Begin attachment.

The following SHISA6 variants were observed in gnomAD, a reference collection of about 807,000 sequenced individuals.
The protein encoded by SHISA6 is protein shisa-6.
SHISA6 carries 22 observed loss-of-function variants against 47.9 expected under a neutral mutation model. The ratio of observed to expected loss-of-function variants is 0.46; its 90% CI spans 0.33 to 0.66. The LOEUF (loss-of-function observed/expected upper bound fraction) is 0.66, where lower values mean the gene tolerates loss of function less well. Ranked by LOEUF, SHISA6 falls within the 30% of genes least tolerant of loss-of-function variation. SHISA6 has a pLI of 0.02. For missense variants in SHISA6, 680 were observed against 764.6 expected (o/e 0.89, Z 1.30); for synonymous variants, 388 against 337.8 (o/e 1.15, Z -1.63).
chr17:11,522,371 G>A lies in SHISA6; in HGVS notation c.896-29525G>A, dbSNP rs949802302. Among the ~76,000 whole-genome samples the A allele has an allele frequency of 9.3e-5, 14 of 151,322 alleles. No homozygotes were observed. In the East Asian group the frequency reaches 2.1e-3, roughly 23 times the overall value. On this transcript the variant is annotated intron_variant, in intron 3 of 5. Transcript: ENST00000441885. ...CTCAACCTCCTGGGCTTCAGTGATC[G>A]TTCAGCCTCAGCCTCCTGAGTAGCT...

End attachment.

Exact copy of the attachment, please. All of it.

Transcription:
The following SHISA6 variants were observed in gnomAD, a reference collection of about 807,000 sequenced individuals.
The protein encoded by SHISA6 is protein shisa-6.
SHISA6 carries 22 observed loss-of-function variants against 47.9 expected under a neutral mutation model. The ratio of observed to expected loss-of-function variants is 0.46; its 90% CI spans 0.33 to 0.66. The LOEUF (loss-of-function observed/expected upper bound fraction) is 0.66, where lower values mean the gene tolerates loss of function less well. Ranked by LOEUF, SHISA6 falls within the 30% of genes least tolerant of loss-of-function variation. SHISA6 has a pLI of 0.02. For missense variants in SHISA6, 680 were observed against 764.6 expected (o/e 0.89, Z 1.30); for synonymous variants, 388 against 337.8 (o/e 1.15, Z -1.63).
chr17:11,522,371 G>A lies in SHISA6; in HGVS notation c.896-29525G>A, dbSNP rs949802302. Among the ~76,000 whole-genome samples the A allele has an allele frequency of 9.3e-5, 14 of 151,322 alleles. No homozygotes were observed. In the East Asian group the frequency reaches 2.1e-3, roughly 23 times the overall value. On this transcript the variant is annotated intron_variant, in intron 3 of 5. Transcript: ENST00000441885. ...CTCAACCTCCTGGGCTTCAGTGATC[G>A]TTCAGCCTCAGCCTCCTGAGTAGCT...